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By Vanessa Paredes
Approximately 62 percent of Americans celebrate Valentine’s Day every year, and it’s safe to say most of them are going out to dinner…snooze!
Restaurants will be crammed with hundreds of grumpy couples and overwhelmed waiters collectively wishing the night would just be over already. Consider these much more creative ways to show your S.O. you care on February 14th.
- Painted Love
Make love AND art with the Love is Art Kit. The kit provides couples everything they need to craft a one-of-a-kind abstract painting, while being intimate with one another. Rolling around in paint isn’t only sexy, but a great bonding experience without ever stepping foot outside of the house.
- What’s Cooking Good Looking?
Avoiding restaurants but still want to eat? Don’t blame you. Luckily there’s a more unique way to grub with your lover and learn some valuable skills while you’re at it. Find a local spot that offers cooking classes like Sur La Table and cook up some romance together. Extra points if the class focuses on aphrodisiacs!
- Plan A Staycation
Vacations aren’t cheap, so plan a Staycation with the beau in your favorite nearby city and get away from it all without having to go very far. Order room service, throw on those white fluffy robes, and take advantage of all of the hotel amenities the next day.
- Brew Up Some Romance
Bonding over some brewskis should be a no brainer for some. Local breweries offer tours, tasting, and events perfect for beer loving duos to sip on some of the local flavors their city has to offer.
- Let’s Get Physical
They say couples that sweat together, stay together, and if that’s true it might be worth a shot to do something physical on V-day with your significant other. Consider something that builds trust like rock climbing, relaxing like kayaking or competitive like shooting some hoops at your local court to score big with your one true love.
RISE NEWS is a grassroots journalism news organization that is working to change the way young people become informed and engaged in public affairs. Anyone can write for us as long as you are fiercely interested in making the world a better place.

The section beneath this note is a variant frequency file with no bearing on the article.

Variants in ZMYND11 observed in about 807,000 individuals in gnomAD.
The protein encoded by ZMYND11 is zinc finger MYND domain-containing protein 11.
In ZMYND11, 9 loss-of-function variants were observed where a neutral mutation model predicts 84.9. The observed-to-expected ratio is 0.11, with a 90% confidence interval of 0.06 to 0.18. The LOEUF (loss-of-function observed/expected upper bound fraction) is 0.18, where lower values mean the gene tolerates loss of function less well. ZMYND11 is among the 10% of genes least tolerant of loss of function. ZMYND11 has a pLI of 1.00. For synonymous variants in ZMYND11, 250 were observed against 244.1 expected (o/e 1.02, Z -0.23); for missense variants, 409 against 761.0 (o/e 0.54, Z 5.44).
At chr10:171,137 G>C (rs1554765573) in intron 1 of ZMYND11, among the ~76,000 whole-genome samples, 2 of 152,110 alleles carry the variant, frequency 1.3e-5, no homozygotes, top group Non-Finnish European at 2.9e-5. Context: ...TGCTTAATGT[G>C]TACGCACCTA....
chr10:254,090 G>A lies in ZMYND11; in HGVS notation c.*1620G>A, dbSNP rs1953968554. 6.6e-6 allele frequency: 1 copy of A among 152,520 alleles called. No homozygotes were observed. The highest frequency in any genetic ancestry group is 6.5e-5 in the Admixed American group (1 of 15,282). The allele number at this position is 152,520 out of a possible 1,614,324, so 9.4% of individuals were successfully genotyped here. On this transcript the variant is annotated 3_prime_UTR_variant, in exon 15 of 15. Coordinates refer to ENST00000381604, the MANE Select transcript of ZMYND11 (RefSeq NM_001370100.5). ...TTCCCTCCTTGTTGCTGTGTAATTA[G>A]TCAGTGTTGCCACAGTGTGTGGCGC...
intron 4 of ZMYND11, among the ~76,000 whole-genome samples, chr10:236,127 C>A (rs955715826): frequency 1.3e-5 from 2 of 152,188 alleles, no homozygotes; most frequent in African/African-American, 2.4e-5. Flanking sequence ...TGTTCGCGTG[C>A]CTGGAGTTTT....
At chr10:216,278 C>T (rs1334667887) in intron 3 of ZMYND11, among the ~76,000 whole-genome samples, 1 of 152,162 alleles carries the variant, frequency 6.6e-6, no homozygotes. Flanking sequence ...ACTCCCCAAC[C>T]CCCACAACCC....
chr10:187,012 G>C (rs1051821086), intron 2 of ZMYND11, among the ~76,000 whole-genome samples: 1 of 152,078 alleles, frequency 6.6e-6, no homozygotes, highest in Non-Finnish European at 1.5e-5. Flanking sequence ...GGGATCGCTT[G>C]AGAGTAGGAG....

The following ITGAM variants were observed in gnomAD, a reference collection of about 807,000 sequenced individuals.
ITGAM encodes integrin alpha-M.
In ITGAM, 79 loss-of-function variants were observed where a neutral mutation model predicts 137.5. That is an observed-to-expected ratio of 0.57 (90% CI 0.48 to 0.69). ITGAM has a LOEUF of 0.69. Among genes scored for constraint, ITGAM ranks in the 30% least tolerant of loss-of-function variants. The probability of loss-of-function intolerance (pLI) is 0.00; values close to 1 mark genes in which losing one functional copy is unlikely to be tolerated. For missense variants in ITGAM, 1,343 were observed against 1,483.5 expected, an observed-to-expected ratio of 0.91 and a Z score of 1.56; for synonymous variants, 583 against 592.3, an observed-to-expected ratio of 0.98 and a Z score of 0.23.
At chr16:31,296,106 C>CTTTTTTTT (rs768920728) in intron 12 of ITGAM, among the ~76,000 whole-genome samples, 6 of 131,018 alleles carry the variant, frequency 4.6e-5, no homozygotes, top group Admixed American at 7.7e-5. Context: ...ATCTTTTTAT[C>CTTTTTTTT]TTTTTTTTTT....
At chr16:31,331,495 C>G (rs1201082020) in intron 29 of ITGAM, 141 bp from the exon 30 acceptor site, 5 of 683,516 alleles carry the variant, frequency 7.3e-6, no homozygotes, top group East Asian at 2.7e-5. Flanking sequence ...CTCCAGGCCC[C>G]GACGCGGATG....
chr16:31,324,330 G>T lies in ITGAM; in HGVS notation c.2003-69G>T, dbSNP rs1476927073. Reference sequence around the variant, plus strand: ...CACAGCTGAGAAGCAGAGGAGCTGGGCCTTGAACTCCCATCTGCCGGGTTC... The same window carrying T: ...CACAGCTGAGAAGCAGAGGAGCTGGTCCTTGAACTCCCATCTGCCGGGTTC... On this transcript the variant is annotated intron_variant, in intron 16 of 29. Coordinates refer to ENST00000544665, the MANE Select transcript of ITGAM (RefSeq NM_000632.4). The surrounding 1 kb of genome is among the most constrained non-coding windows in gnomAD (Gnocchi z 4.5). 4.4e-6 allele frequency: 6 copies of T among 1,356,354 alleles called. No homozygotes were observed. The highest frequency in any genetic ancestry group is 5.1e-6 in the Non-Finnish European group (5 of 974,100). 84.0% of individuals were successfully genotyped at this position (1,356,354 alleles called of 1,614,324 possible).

Cover Photo Credit: Pedro Ribeiro Simões/ Flickr (CC By 2.0)Post Views: 257
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By Kelsey D’Auben
Later this month Netflix will be premiering it’s newest series Fuller House, a spin-off series of one of the 90’s most popular sitcoms Full House, which will star the complete original cast (minus the Olsen twins.)
This is only the latest in the trend of rebooting old movies and television series from the 1990’s.
Sci-fi shows like The X-Files and Twin Peaks have reboots out this year, it was announced that Friends would have a reunion show, and this week Tyra Banks confirmed via Twitter than a Lifesize 2, a sequel to the famous Disney Channel original movie, is happening.
And all these announcements have every true 90’s kid very excited to see these classics back on screen.
— Tyra Banks (@tyrabanks) January 27, 2016
Television and movies aren’t the only pieces of the past that 90’s kids cling on to. Over the past few years trends that should have died with a change in the millennium are making their comeback.
Grown adults are now playing Pokémon video games, wearing denim overalls and plastic choker necklaces, while listening to Backstreet Boys on repeat. And this doesn’t seem to just be an instance of popular fashion trends cycling back.
The way today’s young adults are not seeming to just take this as a fun way to honor their pasts, but we seem to have an obsession with going back to it.
Millennials are a generation who seem to be in denial about moving forward and clinging onto the nostalgia of the past.
Sure, once a generation reaches adulthood they all seem to enjoy reminiscing on aspects of their youth, like the Baby Boomers and their Classic Rock.
So what is it that fuels this need for today’s generation to relive the past? Well, Millennials experienced their childhoods much differently than any generation before us.
Along with stretching over two different decades, centuries, and millenniums we grew up in what felt like two different worlds.
We are the generation that lived half of our childhood without the digital revolution, and the other half of our youth in a world completely run by it.
We became the generation that bridged the technological gap. Because of this, we long for the simplicity that we were able to experience early in our lives.
And we achieve this through re-living the aspects of 90’s culture, such as television, movies, games, and fashion.
But it is all a little bit strange, isn’t it? And perhaps a bit lazy on our part as well.